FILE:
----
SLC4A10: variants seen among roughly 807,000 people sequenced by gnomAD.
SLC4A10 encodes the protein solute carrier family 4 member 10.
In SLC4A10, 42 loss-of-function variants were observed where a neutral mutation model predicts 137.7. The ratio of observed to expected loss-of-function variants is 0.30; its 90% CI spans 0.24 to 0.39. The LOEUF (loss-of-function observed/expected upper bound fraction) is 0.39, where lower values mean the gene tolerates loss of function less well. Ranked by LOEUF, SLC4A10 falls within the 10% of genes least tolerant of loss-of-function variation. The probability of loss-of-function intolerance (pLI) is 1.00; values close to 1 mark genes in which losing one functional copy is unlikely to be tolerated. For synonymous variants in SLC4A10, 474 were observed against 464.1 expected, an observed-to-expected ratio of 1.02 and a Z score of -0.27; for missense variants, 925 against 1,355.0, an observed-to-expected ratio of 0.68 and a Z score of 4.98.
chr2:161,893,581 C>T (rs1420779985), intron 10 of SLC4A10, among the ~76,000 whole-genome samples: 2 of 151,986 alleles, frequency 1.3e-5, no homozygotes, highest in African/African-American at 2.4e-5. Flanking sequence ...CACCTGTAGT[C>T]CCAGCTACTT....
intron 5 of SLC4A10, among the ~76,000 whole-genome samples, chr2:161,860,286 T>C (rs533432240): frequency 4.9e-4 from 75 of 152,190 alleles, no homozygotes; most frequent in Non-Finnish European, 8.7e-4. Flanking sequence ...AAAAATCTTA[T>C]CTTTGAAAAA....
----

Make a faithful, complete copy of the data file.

SLC4A10: variants seen among roughly 807,000 people sequenced by gnomAD.
SLC4A10 encodes the protein solute carrier family 4 member 10.
In SLC4A10, 42 loss-of-function variants were observed where a neutral mutation model predicts 137.7. The ratio of observed to expected loss-of-function variants is 0.30; its 90% CI spans 0.24 to 0.39. The LOEUF (loss-of-function observed/expected upper bound fraction) is 0.39, where lower values mean the gene tolerates loss of function less well. Ranked by LOEUF, SLC4A10 falls within the 10% of genes least tolerant of loss-of-function variation. The probability of loss-of-function intolerance (pLI) is 1.00; values close to 1 mark genes in which losing one functional copy is unlikely to be tolerated. For synonymous variants in SLC4A10, 474 were observed against 464.1 expected, an observed-to-expected ratio of 1.02 and a Z score of -0.27; for missense variants, 925 against 1,355.0, an observed-to-expected ratio of 0.68 and a Z score of 4.98.
chr2:161,893,581 C>T (rs1420779985), intron 10 of SLC4A10, among the ~76,000 whole-genome samples: 2 of 151,986 alleles, frequency 1.3e-5, no homozygotes, highest in African/African-American at 2.4e-5. Flanking sequence ...CACCTGTAGT[C>T]CCAGCTACTT....
intron 5 of SLC4A10, among the ~76,000 whole-genome samples, chr2:161,860,286 T>C (rs533432240): frequency 4.9e-4 from 75 of 152,190 alleles, no homozygotes; most frequent in Non-Finnish European, 8.7e-4. Flanking sequence ...AAAAATCTTA[T>C]CTTTGAAAAA....